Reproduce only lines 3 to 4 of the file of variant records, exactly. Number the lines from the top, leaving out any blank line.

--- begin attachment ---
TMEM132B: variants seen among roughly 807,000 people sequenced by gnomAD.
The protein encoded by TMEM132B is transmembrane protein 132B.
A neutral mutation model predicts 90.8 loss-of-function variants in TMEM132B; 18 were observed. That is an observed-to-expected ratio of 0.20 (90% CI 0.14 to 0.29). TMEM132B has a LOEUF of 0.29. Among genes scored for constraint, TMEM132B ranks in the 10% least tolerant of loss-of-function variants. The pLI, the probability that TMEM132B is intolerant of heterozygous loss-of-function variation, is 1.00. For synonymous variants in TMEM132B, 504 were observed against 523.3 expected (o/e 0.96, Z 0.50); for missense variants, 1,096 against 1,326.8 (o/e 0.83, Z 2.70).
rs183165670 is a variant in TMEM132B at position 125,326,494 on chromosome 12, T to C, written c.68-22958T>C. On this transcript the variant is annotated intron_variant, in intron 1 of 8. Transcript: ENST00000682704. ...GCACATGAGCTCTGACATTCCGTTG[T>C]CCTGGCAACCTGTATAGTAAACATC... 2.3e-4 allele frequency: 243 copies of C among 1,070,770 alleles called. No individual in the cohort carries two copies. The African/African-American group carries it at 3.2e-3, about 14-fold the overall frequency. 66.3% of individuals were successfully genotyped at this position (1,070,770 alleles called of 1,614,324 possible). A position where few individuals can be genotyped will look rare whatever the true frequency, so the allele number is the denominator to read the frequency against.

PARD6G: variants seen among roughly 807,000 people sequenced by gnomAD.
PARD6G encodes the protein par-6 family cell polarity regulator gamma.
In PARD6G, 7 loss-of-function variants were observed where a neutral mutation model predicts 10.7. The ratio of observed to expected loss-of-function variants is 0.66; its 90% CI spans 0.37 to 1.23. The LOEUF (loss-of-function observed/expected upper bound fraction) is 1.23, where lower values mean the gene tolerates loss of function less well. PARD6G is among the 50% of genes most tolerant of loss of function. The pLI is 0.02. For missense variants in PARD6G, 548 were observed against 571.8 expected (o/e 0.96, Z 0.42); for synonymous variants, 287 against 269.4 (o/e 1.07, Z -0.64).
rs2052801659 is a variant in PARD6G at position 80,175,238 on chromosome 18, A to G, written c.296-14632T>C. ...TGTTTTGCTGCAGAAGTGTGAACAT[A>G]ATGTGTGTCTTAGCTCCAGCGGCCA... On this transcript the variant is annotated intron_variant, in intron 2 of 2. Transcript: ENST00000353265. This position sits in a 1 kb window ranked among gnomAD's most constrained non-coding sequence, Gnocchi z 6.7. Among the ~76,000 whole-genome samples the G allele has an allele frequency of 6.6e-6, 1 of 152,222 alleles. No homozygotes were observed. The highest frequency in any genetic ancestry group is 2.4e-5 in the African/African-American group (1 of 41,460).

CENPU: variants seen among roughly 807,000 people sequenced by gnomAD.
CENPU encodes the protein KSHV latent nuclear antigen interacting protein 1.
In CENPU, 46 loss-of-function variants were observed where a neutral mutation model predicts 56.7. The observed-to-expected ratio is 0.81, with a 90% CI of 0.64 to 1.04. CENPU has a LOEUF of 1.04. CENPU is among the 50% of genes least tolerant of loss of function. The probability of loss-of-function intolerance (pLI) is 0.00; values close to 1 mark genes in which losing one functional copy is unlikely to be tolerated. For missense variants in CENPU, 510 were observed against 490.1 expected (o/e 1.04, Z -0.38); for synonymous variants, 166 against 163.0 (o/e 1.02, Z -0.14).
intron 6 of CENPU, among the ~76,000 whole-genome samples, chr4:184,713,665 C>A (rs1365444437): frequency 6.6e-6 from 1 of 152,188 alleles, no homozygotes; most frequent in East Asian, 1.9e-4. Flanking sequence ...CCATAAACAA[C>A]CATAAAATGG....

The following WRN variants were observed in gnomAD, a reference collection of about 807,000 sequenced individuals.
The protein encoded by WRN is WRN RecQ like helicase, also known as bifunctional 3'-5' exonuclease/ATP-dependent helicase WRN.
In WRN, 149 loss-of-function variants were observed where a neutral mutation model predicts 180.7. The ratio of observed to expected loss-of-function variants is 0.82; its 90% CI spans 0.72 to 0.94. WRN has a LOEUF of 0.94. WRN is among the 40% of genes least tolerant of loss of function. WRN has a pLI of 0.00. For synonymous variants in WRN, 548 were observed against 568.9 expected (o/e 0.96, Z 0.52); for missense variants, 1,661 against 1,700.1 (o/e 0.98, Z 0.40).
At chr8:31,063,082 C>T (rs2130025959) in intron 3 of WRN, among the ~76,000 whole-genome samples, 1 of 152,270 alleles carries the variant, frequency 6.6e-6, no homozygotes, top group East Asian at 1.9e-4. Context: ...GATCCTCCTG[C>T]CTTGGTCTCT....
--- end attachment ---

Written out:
A neutral mutation model predicts 90.8 loss-of-function variants in TMEM132B; 18 were observed. That is an observed-to-expected ratio of 0.20 (90% CI 0.14 to 0.29). TMEM132B has a LOEUF of 0.29. Among genes scored for constraint, TMEM132B ranks in the 10% least tolerant of loss-of-function variants. The pLI, the probability that TMEM132B is intolerant of heterozygous loss-of-function variation, is 1.00. For synonymous variants in TMEM132B, 504 were observed against 523.3 expected (o/e 0.96, Z 0.50); for missense variants, 1,096 against 1,326.8 (o/e 0.83, Z 2.70).
rs183165670 is a variant in TMEM132B at position 125,326,494 on chromosome 12, T to C, written c.68-22958T>C. On this transcript the variant is annotated intron_variant, in intron 1 of 8. Transcript: ENST00000682704. ...GCACATGAGCTCTGACATTCCGTTG[T>C]CCTGGCAACCTGTATAGTAAACATC... 2.3e-4 allele frequency: 243 copies of C among 1,070,770 alleles called. No individual in the cohort carries two copies. The African/African-American group carries it at 3.2e-3, about 14-fold the overall frequency. 66.3% of individuals were successfully genotyped at this position (1,070,770 alleles called of 1,614,324 possible). A position where few individuals can be genotyped will look rare whatever the true frequency, so the allele number is the denominator to read the frequency against.